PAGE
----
One major concern with regards the body’s handling of the nutrients in eggs is related to choline. In people consuming an omnivorous diet, gut bacteria convert choline to trimethylamine (TMA). This is absorbed into the blood and converted into trimethylamine oxide (TMAO), a substance that has been intimately associated with the development of atherosclerosis, heart failure, type 2 diabetes and kidney failure (11–15). In contrast, those consuming a 100% plant-based diet do not have the required bacteria to form these substances and choline from plant foods does not get converted into TMAO (16). Whether TMAO is actually causing these chronic conditions or merely an associated factor reflecting a poor quality diet remains an open question, but it’s clear that eating a diet that keeps TMAO levels low is better for long-term health (13).
The other aspect to consider is food safety, such as the risk of transmission of unwanted substances, whether they are environmental toxins, pollutants or infections. When it comes to eggs, they don’t fare well in this regard. In 2018, there were nearly 50,000 cases of foodborne infection in the European Union with 1 in 3 cases caused by Salmonella, mainly linked to the consumption of eggs (17). In Canada 1 in 8 people (4 million Canadians) get sick each year from contaminated food, with over 11,500 hospitalizations and 240 deaths each year due to food-related illnesses mainly from animal products, of which 1 in 4 are due to Salmonella (18).
Although eggs may be better for health compared to a bacon sandwich with white bread, we can make healthier and safer choices by eating plant sources of the same nutrients. For example, an 80g serving of tofu has 6g of protein and contains choline, selenium and iron whilst being very low in saturated fat and containing no cholesterol.
What impact do eggs have on blood cholesterol levels?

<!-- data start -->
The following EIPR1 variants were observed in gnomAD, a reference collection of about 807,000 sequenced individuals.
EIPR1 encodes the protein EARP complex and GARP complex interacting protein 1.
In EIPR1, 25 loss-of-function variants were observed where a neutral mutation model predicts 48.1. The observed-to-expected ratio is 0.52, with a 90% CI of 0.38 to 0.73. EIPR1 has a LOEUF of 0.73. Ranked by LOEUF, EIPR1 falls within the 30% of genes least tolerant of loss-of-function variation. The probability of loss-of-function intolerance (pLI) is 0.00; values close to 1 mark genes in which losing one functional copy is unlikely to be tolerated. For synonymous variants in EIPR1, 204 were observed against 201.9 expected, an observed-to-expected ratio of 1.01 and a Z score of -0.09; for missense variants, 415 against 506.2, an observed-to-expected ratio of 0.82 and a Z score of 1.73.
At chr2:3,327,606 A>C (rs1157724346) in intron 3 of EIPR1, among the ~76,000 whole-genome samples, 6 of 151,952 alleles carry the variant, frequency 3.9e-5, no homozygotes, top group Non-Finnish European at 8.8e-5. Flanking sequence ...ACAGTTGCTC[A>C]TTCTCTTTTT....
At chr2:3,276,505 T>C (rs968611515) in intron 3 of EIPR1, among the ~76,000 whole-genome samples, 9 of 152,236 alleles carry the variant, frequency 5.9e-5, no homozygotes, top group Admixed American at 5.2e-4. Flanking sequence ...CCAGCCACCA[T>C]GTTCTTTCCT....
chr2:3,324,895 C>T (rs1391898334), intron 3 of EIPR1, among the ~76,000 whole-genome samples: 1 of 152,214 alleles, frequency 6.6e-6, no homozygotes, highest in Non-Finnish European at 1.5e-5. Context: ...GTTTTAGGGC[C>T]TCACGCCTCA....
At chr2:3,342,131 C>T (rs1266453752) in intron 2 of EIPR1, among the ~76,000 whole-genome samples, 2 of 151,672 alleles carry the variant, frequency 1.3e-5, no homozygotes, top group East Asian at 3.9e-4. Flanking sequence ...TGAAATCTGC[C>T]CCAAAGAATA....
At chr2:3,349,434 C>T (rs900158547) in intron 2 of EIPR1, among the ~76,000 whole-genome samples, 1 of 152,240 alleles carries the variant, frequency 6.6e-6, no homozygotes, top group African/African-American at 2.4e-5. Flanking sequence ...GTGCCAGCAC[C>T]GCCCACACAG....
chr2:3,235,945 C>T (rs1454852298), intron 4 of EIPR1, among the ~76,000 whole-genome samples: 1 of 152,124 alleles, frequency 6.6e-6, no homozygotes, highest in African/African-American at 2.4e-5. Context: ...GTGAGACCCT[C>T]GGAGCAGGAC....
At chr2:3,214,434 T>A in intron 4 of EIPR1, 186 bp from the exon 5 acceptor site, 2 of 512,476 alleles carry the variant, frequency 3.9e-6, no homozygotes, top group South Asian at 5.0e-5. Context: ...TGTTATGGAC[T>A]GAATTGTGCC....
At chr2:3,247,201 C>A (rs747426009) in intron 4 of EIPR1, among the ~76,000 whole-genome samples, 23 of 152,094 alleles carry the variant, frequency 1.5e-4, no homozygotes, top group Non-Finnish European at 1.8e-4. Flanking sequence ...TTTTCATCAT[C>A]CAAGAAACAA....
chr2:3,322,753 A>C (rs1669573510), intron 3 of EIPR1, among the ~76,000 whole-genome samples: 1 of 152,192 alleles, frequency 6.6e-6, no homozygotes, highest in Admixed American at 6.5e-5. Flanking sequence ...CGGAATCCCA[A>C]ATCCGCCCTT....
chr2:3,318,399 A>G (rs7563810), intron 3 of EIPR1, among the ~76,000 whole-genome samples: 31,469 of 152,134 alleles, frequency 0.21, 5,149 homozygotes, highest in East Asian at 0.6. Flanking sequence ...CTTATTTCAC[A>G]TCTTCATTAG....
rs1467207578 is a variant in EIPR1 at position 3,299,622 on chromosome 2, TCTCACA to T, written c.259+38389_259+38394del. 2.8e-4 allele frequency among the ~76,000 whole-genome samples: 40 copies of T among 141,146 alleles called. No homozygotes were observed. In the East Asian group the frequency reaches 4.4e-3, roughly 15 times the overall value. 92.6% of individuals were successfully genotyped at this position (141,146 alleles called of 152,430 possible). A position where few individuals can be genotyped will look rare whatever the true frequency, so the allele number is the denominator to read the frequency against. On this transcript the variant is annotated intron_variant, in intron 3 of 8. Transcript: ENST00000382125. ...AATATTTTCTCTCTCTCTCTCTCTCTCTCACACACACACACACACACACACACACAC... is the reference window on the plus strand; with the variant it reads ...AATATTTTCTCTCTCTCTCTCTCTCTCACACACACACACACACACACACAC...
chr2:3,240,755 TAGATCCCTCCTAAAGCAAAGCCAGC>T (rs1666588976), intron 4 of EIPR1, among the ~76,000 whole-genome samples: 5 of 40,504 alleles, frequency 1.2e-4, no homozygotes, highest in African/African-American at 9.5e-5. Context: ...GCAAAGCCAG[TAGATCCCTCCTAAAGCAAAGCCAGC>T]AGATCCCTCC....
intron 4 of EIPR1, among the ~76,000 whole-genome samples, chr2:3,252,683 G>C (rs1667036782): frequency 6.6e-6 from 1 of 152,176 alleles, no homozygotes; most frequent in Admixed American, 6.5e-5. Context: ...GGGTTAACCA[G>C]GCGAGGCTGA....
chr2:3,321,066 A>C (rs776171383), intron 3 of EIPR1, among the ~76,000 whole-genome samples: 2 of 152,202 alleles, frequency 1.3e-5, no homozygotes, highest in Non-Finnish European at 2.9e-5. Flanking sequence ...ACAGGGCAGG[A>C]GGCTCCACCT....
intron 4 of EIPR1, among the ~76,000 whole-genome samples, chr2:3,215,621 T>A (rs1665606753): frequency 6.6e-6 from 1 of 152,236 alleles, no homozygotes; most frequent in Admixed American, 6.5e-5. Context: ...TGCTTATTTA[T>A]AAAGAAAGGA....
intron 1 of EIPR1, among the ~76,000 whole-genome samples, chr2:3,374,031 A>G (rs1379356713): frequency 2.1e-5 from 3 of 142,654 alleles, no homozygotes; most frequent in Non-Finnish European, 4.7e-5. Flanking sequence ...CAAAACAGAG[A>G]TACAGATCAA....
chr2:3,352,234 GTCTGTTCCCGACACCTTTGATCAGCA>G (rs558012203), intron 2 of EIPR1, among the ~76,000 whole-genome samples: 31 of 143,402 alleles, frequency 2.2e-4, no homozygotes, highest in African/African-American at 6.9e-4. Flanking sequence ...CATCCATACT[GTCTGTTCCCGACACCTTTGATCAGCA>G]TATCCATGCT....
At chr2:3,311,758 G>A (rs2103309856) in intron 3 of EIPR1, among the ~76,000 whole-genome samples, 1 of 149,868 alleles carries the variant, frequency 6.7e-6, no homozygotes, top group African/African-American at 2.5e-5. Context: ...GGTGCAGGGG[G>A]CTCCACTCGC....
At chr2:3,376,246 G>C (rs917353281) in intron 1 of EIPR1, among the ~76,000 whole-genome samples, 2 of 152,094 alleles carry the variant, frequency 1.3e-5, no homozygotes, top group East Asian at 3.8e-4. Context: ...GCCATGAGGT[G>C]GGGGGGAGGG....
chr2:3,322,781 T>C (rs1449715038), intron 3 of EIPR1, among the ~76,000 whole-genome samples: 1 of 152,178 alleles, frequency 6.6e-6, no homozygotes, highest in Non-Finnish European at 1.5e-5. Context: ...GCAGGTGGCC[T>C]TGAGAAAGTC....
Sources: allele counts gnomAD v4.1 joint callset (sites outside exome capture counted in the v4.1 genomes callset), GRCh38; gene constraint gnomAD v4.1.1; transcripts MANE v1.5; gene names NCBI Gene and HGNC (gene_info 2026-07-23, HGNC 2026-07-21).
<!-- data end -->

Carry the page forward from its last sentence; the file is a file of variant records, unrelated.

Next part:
Another ongoing debate is the impact of dietary cholesterol on health. Given that eggs are high in cholesterol, with a large egg containing around 200mg, they are often used to either defend or refute the claim. Vegans argue that because eggs are high in cholesterol, they must be a cause of heart disease. It seems that in recent years, dietary guidelines have de-emphasised the harm of dietary cholesterol with a greater focus on the overall dietary pattern (19). This does not mean that dietary cholesterol no longer matters, it just means that other components in the diet have a greater impact on health outcomes. Namely saturated fat. The impact of saturated fat consumption in the diet has a far greater and more predictable effect on blood cholesterol levels and hence the risk of cardiovascular disease than dietary cholesterol (20). The relationship between saturated fat and blood cholesterol levels is pretty much linear (21). The more you eat the higher the blood cholesterol level. This is not the case for dietary cholesterol. If you are already eating a diet relatively high in cholesterol, like the typical Western diet, then adding a bit more won’t affect blood cholesterol levels. However, if you are eating a diet free of cholesterol — that is a vegan diet — then adding an egg or two into the diet will raise blood cholesterol levels. The impact of dietary cholesterol from a food like eggs is greater when the diet is already low in cholesterol. At higher intakes of cholesterol, the impact on blood cholesterol plateaus and thus eating more doesn’t make a great deal of difference.
Having said all this, it does not mean that dietary cholesterol is healthy or necessary. Our body makes all the cholesterol it needs. You do not need to eat any. Blood cholesterol levels are lowest in those following a vegan or predominantly plant-based diet, especially when the diet is centred around whole plant foods (22). Omnivores with high blood cholesterol levels can lower levels as effectively as medication by adopting a healthy plant-based diet alone, which is one of the reasons why those eating a plant-based diet have some of lowest rates of heart disease of any diet pattern (23).